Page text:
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Archives: KHI News Service

On January 1, 2017, the KHI News Service became part of KCUR public radio’s new initiative, the Kansas News Service. The Kansas News Service will continue to cover health policy news and broaden its scope to include education and politics. All stories produced by the former KHI News Service are archived here. Stories and photos may be republished at no cost with proper attribution and a link back to KHI.org.

KDADS hopes salary increase will boost Osawatomie nursing staff

By Meg Wingerter | March 28, 2016

The Kansas Department for Aging and Disability Services has raised starting pay for registered nurses at Osawatomie State Hospital to attract more full-time employees.

The department announced Monday that the starting wage for registered nurses at Osawatomie would rise from $25.05 per hour to $28.44 per hour, which is a nearly 14 percent increase. The increase will affect registered nurses earning the starting wage but not those farther up the pay scale, KDADS spokeswoman Angela de Rocha said.

Osawatomie and Larned State Hospital are the state’s two mental health hospitals for Kansans who are judged to be a danger to themselves or others. The Centers for Medicare and Medicaid Services decertified Osawatomie in December due to concerns about patient safety, so the hospital can’t receive federal payments.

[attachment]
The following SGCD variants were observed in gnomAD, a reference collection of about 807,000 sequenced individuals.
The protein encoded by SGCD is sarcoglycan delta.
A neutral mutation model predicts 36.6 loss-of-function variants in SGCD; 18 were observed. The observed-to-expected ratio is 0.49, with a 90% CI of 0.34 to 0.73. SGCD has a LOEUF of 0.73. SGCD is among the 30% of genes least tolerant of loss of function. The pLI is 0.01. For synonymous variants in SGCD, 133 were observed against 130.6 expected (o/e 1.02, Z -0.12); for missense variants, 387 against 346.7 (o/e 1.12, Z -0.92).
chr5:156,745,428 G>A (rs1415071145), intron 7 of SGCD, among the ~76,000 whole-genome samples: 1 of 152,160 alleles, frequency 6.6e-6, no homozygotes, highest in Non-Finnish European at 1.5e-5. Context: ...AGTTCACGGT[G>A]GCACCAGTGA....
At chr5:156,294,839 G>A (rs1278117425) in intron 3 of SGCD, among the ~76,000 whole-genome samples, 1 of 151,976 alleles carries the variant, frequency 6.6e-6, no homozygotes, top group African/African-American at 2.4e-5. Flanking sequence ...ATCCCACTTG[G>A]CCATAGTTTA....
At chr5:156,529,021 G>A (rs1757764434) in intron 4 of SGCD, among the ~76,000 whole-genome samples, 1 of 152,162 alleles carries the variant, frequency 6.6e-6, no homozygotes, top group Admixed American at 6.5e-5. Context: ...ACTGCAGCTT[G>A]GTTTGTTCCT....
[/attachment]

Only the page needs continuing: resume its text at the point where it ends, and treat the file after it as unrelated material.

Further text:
Osawatomie currently has the equivalent of 21.5 full-time registered nurses and is looking to hire 15 more, de Rocha said.

The hospital works with a contracting agency to fill its nursing ranks, she said, but it will cost less to hire full-time staff nurses — even with the salary increase.

A study found Osawatomie was paying nurses about 9 percent less than comparable facilities in the Kansas City area, KDADS Secretary Tim Keck said in a news release. He said the pay increase would help the hospital compete for workers and reduce turnover.

Some nurses commute from the suburbs of Kansas City, de Rocha said, so the state hospital needs to pay salaries that compare with facilities in that area. It hasn’t had the same challenges when it comes to hiring licensed practical nurses and mental health technicians, she said.

“We can’t expect people to choose to make less money, particularly if they’re going to have to commute,” she said.

A consultant hired to assist Osawatomie with its recertification efforts identified hiring more registered nurses as a major need, de Rocha said. If all continues to go well, the hospital could apply for recertification early this summer, she said.

Osawatomie’s patient capacity was reduced from 206 to 146 in June after federal surveyors cited the facility for having too many patients, not having enough staff and not doing enough to protect suicidal patients from hanging themselves.